Because his works smelled so strongly of decay, Roth's studio at the Düsseldorf Academy had to be cleared out and the works destroyed. In 1969 Roth showed work at "documenta 4" and in 1977 at "documenta 7". By then he was a leading German contemporary artist, collaborating on Happenings and other events with the likes of Arnulf Rainer and Richard Hamilton. In 1982 he designed the Swiss Pavilion at the Venice Biennale.
Dieter Roth died in Basel in 1998.
In 2015 Roth had a retrospective show „And away with the minutes. Dieter Roth and Music“ at Hamburger Bahnhof - Museum für Gegenwart in Berlin. As an artist, Dieter Roth was not concerned with beauty. On the contrary, he repudiated aesthetics in his approach to creative work. Roth played on irony, variability and deconstruction, experimenting with all sorts of media and materials.
Josh Smith (born 1976) has become known for his so-called “name paintings” In these his name pops up in endless variations as the central motif: a reflection of the search for an unmistakable artistic identity. Thus this unremarkable name is not content, but rather the occasion for experimental painting that tries out the most varied styles and thereby, despite—or precisely because of—its explicit signature, takes any thought of uniqueness ad absurdum. Also in his “collages,” where found materials like newspaper clippings or menus from take-out joints are combined with his own drawings, posters, and objects from his studio, he focuses on the myth of artistic authenticity.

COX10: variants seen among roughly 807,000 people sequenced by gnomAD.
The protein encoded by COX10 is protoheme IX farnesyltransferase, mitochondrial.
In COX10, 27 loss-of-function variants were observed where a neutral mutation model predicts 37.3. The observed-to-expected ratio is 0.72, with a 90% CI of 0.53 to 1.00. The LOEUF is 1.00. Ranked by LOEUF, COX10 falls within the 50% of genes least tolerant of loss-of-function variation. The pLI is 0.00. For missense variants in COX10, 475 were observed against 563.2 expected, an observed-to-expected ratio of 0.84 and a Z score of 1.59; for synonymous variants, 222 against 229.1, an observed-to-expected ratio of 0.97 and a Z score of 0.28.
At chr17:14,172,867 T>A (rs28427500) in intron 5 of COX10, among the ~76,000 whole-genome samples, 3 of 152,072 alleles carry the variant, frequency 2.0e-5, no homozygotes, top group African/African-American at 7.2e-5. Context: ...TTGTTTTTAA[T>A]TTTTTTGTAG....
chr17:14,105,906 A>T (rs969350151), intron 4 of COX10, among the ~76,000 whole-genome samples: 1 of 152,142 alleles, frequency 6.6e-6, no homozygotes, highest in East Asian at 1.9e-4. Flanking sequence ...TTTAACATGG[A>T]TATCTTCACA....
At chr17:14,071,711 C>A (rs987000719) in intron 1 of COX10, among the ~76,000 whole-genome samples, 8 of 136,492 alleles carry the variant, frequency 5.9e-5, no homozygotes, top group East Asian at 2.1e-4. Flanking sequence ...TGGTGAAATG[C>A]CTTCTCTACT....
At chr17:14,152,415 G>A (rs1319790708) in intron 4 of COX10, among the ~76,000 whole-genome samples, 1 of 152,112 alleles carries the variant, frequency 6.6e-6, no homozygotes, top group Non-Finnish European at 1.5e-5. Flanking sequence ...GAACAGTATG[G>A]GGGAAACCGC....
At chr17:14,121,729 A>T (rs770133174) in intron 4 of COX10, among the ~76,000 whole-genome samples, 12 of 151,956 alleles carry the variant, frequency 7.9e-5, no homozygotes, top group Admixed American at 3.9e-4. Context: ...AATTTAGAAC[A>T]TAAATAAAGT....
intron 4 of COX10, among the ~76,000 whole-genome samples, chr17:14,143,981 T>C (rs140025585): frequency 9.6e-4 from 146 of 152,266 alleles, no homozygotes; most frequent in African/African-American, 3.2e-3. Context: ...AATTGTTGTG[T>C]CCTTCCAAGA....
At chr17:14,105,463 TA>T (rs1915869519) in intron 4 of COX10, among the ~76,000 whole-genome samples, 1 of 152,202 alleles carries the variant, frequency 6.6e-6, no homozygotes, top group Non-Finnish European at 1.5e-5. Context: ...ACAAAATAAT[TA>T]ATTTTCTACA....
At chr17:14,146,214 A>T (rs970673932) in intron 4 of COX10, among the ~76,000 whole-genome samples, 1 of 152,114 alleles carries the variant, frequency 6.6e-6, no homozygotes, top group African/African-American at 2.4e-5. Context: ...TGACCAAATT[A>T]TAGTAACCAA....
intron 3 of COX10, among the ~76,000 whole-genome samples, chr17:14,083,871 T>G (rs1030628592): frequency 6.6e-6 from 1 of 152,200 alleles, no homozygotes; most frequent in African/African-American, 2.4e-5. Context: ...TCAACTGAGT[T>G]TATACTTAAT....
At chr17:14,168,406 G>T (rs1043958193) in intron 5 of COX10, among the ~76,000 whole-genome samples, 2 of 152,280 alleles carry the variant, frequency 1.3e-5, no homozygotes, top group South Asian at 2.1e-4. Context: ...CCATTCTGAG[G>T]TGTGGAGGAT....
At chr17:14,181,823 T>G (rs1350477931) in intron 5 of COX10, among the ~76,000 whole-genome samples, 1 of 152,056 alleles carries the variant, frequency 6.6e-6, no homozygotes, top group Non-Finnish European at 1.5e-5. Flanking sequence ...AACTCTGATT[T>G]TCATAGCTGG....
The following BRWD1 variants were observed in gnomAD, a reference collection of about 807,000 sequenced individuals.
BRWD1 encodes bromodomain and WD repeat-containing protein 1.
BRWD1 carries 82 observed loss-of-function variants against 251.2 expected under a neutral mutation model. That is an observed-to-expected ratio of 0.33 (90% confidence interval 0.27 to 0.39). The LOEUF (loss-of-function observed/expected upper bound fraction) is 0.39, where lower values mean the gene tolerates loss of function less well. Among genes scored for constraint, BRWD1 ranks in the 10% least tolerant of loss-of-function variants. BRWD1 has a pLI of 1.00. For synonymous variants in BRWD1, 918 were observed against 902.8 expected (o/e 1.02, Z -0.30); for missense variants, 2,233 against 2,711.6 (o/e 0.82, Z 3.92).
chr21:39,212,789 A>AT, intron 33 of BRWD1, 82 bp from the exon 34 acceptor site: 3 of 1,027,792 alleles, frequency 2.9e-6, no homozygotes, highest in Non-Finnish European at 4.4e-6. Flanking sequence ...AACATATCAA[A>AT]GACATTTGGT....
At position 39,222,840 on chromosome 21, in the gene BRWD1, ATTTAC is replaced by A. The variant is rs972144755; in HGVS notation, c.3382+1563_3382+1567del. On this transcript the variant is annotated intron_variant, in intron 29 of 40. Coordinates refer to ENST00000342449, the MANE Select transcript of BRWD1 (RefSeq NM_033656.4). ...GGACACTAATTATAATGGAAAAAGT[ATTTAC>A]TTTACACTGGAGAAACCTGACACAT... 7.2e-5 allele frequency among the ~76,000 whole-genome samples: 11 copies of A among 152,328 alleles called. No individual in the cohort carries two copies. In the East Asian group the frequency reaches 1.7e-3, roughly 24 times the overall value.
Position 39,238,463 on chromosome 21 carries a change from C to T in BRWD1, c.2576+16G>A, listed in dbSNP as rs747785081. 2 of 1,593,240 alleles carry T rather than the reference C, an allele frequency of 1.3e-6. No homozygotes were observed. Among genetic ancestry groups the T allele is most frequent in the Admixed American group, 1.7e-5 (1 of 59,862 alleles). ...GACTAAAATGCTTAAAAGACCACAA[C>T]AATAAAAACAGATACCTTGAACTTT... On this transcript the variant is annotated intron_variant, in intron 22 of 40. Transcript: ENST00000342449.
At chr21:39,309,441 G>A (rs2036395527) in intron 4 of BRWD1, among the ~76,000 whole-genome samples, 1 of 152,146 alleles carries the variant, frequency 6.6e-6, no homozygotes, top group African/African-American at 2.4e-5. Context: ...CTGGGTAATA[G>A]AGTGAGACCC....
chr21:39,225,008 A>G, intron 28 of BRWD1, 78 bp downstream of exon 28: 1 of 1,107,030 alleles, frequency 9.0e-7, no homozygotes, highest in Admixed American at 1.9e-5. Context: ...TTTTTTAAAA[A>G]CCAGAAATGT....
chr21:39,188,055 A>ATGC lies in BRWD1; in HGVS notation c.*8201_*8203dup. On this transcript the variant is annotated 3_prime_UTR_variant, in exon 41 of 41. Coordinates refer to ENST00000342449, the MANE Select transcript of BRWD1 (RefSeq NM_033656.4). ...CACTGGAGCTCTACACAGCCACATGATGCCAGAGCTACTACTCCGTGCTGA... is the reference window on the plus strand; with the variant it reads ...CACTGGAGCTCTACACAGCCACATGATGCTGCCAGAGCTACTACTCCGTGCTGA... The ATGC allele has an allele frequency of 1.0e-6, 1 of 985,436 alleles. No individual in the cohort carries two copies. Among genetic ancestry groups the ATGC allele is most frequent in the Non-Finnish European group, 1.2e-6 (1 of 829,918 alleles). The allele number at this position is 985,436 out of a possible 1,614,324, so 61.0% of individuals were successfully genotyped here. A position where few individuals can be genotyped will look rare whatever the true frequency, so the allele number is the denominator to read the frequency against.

In recent years Smith has developed an idiosyncratic, abstract manner of painting that includes such motifs as leaves, fish, skeletons, insects, ghosts, and sunsets. He employs these somewhat arbitrary themes alternately in aggressive, playful and repetitious ways, and frequently in oddly eccentric ones. He forces us to focus not so much on the aesthetic result as on his process.
Josh Smith was born in Tennessee in 1976, and has had numerous solo shows in the United States and Europe, including: MACRO Museum, Rome (2015); The American Dream, Brant Foundation, Greenwich, Conn. (2011); Who Am I, De Hallen, Haarlem (2009), and Hidden Darts, Museum Moderner Kunst, Vienna (2008). In addition, Smith has participated in a number of group shows, including: The Painting Factory: Abstraction after Warhol, Museum of Contemporary Art, Los Angeles; Le Printemps de Septembre, Toulouse; The Generational: Younger Than Jesus, The New Museum, New York; Uncertain States of America, Serpentine Gallery, London; and the Lyon Biennale 2007. In 2011 Smith was invited to take part in the 54th Venice Biennale, “ILLUMInazioni.”